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Statehouse has all but turned into a house of religion since President William Ruto took office. I am all for the freedom of worship and have nothing against Christianity. But what happens when the president of a secular state whose citizens are of many faiths keeps quoting the Bible (sometimes inaccurately)? And what does this mean when it happens at a time of welfare reform when almost all state subsidies are being scrapped and taxes are being increased daily? Could there be a relationship between the president’s evangelising and the greater emphasis on individual responsibility in this neoliberal era?

The church has throughout history has been used to advance various political interests and Kenya is no different. Through the missionaries, the church essentially acted as a facilitator of colonialism, which was justified as the white man’s burden whose philosophy was underpinned by the three pillars of Christianity, commerce and civilization. Imposed by colonial military power, mission Christianity went on to become the dominant religion in the country, with numerous strands and manifestations. But to date, most Africans, even the most educated, refuse to acknowledge the colonial dimension of the missionaries’ enterprise. Perhaps it is this denial that has emboldened the neoliberal machine in using the evangelical movement to advance its own interests.

Christianity has grown at an impressive rate in the country since it was first introduced in the 19th century. From relatively insignificant numbers in the early 1900s, the Christian population in Kenya had grown to about 53 per cent of the population by 1962 at the time of independence, and to more than 80 per cent by the 2010s. Given that a significant proportion of citizens is affiliated to the Christian religion, it makes sense that the neoliberal machine would seek to interact with the church and align the church with its values. Drawing from David Harvey’s writings on how the way people experience space and time is influenced by the political economy of the time, Stephen Keating writes that for capitalist regimes to function, they need to bring individual behaviours under a semblance of uniformity (neoliberalism). As individuals internalize whatever social rules dominate that era, similar rules/ideologies manifest in their social institutions, including in churches. This is to say that, under a neoliberal world order, the church is likely to espouse neoliberal values.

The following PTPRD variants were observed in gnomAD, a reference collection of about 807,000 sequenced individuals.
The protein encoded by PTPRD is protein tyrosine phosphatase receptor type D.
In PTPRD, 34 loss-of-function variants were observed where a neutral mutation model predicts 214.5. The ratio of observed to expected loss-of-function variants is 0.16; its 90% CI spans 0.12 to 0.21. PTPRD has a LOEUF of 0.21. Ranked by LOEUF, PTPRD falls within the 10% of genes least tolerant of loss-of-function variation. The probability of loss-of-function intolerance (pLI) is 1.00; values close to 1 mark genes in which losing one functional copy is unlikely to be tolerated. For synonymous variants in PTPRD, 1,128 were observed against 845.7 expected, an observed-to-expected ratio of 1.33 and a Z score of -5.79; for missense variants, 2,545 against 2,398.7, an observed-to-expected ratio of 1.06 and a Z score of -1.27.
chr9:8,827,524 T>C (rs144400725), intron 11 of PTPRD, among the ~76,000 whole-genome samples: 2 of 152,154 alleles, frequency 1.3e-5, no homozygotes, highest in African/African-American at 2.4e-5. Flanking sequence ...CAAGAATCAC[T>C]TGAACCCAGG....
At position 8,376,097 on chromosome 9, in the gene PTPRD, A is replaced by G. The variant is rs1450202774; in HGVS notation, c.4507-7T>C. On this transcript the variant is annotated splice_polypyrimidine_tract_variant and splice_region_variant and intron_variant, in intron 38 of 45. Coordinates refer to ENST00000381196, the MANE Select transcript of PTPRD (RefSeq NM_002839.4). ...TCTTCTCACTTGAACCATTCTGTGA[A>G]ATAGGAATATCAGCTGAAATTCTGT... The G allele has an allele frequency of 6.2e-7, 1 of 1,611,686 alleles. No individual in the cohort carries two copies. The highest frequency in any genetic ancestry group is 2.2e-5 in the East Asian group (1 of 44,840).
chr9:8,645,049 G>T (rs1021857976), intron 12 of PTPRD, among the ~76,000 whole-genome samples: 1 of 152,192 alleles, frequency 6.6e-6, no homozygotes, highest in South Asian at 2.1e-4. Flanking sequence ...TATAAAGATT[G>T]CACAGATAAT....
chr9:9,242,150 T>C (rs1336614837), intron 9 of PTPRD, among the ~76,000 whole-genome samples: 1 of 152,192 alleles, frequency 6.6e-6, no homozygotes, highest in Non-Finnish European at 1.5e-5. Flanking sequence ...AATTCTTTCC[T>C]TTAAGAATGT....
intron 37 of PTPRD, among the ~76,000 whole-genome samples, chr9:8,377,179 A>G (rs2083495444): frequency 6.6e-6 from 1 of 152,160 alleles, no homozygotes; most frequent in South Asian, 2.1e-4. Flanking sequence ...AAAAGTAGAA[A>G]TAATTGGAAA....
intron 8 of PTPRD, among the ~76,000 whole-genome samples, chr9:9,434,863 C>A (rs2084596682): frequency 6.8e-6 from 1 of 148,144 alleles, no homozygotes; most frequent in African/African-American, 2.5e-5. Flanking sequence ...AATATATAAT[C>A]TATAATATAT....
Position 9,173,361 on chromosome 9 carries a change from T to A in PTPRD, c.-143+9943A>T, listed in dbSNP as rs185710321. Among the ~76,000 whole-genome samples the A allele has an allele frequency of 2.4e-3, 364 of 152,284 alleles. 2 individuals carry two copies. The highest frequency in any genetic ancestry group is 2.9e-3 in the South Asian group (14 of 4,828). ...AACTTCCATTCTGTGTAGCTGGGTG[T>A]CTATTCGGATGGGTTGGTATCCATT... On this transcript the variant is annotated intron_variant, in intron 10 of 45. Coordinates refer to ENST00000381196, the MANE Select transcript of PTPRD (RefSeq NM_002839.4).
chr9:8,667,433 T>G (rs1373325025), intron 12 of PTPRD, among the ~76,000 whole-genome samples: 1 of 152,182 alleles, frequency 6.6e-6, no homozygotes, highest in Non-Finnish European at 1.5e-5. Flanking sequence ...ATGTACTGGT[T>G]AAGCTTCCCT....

Neoliberalism benefits from the church in that it finds an ally who can evangelize on its behalf among the proletariat, who are the most likely to reject neoliberal policies, thereby co-opting the segments of society who would object to their implementation by the social, economic and political elites. However, the injustices that neoliberalism perpetuates are everything that the scriptures ask us to reject and, therefore, the church should reject any attempts at co-option by a neoliberal government. Moreover, it is important to remember that according to the constitution, Kenya is a secular state. Historically, one of the constitution’s main functions has been to regulate the relationship between state and religion — either by establishing a dominant religion in the constitution or by not establishing one. Kenya’s current constitution, which was voted in by 69 per cent of voters, clearly establishes Kenya as a secular state.